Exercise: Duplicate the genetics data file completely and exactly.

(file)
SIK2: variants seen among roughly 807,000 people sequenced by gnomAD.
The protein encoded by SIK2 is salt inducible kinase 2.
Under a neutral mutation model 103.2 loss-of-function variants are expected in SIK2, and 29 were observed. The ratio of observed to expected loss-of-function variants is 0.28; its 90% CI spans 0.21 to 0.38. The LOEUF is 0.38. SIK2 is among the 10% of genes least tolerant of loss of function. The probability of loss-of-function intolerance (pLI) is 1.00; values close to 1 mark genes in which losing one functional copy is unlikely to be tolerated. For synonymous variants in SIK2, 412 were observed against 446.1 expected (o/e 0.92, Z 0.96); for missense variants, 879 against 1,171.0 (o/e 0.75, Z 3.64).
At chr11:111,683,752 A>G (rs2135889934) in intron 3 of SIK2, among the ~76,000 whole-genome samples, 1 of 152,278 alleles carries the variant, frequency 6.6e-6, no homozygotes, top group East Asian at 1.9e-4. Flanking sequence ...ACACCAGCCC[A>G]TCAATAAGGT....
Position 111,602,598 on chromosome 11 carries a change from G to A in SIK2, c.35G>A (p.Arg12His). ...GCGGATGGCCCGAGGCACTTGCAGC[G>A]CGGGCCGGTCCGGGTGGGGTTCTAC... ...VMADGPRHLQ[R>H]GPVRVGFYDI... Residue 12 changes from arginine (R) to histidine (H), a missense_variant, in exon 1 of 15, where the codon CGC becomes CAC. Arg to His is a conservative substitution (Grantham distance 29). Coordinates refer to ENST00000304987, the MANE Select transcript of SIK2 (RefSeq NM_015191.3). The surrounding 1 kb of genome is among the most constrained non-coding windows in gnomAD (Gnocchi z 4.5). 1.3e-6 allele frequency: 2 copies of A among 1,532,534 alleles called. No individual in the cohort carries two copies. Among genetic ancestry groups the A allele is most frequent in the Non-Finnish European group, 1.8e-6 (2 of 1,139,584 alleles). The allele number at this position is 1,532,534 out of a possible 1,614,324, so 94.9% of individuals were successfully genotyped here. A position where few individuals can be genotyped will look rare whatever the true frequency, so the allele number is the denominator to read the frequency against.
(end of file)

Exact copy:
SIK2: variants seen among roughly 807,000 people sequenced by gnomAD.
The protein encoded by SIK2 is salt inducible kinase 2.
Under a neutral mutation model 103.2 loss-of-function variants are expected in SIK2, and 29 were observed. The ratio of observed to expected loss-of-function variants is 0.28; its 90% CI spans 0.21 to 0.38. The LOEUF is 0.38. SIK2 is among the 10% of genes least tolerant of loss of function. The probability of loss-of-function intolerance (pLI) is 1.00; values close to 1 mark genes in which losing one functional copy is unlikely to be tolerated. For synonymous variants in SIK2, 412 were observed against 446.1 expected (o/e 0.92, Z 0.96); for missense variants, 879 against 1,171.0 (o/e 0.75, Z 3.64).
At chr11:111,683,752 A>G (rs2135889934) in intron 3 of SIK2, among the ~76,000 whole-genome samples, 1 of 152,278 alleles carries the variant, frequency 6.6e-6, no homozygotes, top group East Asian at 1.9e-4. Flanking sequence ...ACACCAGCCC[A>G]TCAATAAGGT....
Position 111,602,598 on chromosome 11 carries a change from G to A in SIK2, c.35G>A (p.Arg12His). ...GCGGATGGCCCGAGGCACTTGCAGC[G>A]CGGGCCGGTCCGGGTGGGGTTCTAC... ...VMADGPRHLQ[R>H]GPVRVGFYDI... Residue 12 changes from arginine (R) to histidine (H), a missense_variant, in exon 1 of 15, where the codon CGC becomes CAC. Arg to His is a conservative substitution (Grantham distance 29). Coordinates refer to ENST00000304987, the MANE Select transcript of SIK2 (RefSeq NM_015191.3). The surrounding 1 kb of genome is among the most constrained non-coding windows in gnomAD (Gnocchi z 4.5). 1.3e-6 allele frequency: 2 copies of A among 1,532,534 alleles called. No individual in the cohort carries two copies. Among genetic ancestry groups the A allele is most frequent in the Non-Finnish European group, 1.8e-6 (2 of 1,139,584 alleles). The allele number at this position is 1,532,534 out of a possible 1,614,324, so 94.9% of individuals were successfully genotyped here. A position where few individuals can be genotyped will look rare whatever the true frequency, so the allele number is the denominator to read the frequency against.